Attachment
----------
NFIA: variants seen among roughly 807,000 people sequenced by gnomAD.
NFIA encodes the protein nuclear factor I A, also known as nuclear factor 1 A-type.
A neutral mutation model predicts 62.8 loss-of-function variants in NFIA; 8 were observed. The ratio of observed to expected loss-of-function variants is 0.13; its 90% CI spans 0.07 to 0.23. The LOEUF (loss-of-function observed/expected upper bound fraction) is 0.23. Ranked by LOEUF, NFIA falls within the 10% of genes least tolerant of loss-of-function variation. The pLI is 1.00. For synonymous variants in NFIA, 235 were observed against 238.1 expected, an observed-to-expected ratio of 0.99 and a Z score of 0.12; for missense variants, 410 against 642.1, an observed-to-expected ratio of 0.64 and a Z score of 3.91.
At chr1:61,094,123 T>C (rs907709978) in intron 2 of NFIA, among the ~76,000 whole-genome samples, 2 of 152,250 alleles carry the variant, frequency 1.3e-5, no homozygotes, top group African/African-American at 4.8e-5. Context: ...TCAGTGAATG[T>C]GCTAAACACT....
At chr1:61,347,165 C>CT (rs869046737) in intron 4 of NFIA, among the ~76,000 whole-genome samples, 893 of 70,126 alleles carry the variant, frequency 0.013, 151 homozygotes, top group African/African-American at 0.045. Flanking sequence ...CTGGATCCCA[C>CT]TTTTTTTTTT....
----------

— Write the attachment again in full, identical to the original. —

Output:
NFIA: variants seen among roughly 807,000 people sequenced by gnomAD.
NFIA encodes the protein nuclear factor I A, also known as nuclear factor 1 A-type.
A neutral mutation model predicts 62.8 loss-of-function variants in NFIA; 8 were observed. The ratio of observed to expected loss-of-function variants is 0.13; its 90% CI spans 0.07 to 0.23. The LOEUF (loss-of-function observed/expected upper bound fraction) is 0.23. Ranked by LOEUF, NFIA falls within the 10% of genes least tolerant of loss-of-function variation. The pLI is 1.00. For synonymous variants in NFIA, 235 were observed against 238.1 expected, an observed-to-expected ratio of 0.99 and a Z score of 0.12; for missense variants, 410 against 642.1, an observed-to-expected ratio of 0.64 and a Z score of 3.91.
At chr1:61,094,123 T>C (rs907709978) in intron 2 of NFIA, among the ~76,000 whole-genome samples, 2 of 152,250 alleles carry the variant, frequency 1.3e-5, no homozygotes, top group African/African-American at 4.8e-5. Context: ...TCAGTGAATG[T>C]GCTAAACACT....
At chr1:61,347,165 C>CT (rs869046737) in intron 4 of NFIA, among the ~76,000 whole-genome samples, 893 of 70,126 alleles carry the variant, frequency 0.013, 151 homozygotes, top group African/African-American at 0.045. Flanking sequence ...CTGGATCCCA[C>CT]TTTTTTTTTT....